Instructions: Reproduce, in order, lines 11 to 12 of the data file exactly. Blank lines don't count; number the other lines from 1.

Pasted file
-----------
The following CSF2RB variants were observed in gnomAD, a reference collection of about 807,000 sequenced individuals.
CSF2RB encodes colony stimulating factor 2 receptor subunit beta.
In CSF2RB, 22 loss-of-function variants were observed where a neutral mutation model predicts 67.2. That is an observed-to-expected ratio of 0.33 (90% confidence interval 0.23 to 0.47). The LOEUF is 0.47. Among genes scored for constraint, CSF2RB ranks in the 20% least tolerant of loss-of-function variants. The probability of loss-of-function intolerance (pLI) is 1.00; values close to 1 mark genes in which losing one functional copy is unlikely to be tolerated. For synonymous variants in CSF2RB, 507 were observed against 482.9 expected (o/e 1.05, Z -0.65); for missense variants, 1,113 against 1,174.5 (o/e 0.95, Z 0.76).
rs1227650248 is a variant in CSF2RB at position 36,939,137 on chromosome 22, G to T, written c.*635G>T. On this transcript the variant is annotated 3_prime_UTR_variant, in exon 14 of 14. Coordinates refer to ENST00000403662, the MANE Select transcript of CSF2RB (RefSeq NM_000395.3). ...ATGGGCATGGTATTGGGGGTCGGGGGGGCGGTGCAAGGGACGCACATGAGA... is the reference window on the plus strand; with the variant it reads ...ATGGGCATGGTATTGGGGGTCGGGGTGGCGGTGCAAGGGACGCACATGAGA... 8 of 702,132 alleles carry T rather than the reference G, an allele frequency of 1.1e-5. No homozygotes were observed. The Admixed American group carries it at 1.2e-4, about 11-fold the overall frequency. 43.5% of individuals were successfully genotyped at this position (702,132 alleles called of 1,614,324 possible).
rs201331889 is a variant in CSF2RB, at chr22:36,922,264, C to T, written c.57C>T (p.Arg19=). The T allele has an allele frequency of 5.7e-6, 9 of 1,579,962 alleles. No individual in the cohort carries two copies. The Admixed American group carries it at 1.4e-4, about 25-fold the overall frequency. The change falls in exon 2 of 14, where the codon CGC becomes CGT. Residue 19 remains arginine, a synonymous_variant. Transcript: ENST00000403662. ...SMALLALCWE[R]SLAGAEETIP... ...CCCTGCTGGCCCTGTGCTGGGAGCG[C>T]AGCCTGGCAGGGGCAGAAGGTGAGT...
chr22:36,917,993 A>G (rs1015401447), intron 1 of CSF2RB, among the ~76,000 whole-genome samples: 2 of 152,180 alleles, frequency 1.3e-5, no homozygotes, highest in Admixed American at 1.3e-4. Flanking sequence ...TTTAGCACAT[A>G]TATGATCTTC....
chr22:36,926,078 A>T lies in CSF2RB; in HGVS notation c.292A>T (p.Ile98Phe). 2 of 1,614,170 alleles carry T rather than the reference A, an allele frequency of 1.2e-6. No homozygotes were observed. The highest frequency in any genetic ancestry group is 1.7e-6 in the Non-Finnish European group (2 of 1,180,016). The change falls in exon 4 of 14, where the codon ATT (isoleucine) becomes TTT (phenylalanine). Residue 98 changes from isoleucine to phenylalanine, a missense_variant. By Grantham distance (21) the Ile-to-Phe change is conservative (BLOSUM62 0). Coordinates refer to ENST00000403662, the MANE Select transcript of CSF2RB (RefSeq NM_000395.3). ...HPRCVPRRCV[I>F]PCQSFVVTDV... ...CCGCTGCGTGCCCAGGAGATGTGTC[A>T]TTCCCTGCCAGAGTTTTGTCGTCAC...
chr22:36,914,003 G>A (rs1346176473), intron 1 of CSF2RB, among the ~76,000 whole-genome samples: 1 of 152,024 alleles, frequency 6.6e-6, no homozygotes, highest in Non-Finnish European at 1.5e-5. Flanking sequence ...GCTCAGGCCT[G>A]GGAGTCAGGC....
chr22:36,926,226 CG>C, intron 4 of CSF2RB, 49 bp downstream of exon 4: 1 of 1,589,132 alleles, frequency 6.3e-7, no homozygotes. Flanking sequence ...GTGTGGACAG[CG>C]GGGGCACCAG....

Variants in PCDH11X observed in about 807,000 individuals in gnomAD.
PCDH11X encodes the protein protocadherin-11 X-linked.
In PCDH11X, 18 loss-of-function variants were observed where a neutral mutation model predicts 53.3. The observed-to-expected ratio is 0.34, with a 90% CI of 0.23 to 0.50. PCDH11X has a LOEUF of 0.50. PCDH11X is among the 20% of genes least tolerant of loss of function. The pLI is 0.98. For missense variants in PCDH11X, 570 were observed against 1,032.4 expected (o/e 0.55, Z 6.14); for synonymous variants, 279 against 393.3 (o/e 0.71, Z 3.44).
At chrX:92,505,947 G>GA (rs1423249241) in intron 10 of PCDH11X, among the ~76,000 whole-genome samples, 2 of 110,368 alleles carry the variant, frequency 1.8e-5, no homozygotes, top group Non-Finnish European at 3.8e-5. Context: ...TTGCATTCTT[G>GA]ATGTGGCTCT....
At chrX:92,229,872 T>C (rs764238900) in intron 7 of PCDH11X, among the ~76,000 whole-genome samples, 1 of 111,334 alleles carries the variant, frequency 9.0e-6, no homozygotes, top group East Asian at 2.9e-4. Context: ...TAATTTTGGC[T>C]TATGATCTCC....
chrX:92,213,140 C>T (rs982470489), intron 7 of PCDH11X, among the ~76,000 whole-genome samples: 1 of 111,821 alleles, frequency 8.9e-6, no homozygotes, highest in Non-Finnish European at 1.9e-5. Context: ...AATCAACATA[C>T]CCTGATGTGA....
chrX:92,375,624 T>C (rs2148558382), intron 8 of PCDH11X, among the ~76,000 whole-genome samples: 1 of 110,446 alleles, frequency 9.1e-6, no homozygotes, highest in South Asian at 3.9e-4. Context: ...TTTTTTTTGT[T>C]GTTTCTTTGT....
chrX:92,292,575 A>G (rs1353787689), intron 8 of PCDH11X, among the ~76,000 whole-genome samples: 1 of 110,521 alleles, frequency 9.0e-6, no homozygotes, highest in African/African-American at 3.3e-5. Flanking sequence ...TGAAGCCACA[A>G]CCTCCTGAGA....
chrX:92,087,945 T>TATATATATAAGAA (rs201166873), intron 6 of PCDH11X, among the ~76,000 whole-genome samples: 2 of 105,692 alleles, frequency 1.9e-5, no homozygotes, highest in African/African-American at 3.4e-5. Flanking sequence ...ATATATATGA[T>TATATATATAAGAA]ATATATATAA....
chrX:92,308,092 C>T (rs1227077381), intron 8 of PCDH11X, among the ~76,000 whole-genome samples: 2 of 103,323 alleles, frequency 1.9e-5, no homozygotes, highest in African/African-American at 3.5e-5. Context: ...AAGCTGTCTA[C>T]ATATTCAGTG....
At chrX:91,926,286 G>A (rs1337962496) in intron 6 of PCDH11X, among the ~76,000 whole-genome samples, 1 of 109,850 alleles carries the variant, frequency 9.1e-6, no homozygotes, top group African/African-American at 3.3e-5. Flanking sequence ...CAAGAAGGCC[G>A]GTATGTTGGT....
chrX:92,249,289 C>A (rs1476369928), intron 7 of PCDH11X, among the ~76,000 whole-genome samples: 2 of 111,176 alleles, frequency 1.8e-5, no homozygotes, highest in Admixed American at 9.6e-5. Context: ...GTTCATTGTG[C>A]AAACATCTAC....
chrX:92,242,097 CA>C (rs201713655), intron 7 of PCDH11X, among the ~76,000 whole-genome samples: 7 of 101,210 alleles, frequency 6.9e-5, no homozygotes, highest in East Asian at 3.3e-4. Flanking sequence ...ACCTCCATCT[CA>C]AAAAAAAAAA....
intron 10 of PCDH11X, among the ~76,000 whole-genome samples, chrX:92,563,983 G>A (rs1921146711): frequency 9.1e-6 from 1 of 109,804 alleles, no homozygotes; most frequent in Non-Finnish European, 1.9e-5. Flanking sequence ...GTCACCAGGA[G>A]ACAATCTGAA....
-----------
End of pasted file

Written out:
PCDH11X encodes the protein protocadherin-11 X-linked.
In PCDH11X, 18 loss-of-function variants were observed where a neutral mutation model predicts 53.3. The observed-to-expected ratio is 0.34, with a 90% CI of 0.23 to 0.50. PCDH11X has a LOEUF of 0.50. PCDH11X is among the 20% of genes least tolerant of loss of function. The pLI is 0.98. For missense variants in PCDH11X, 570 were observed against 1,032.4 expected (o/e 0.55, Z 6.14); for synonymous variants, 279 against 393.3 (o/e 0.71, Z 3.44).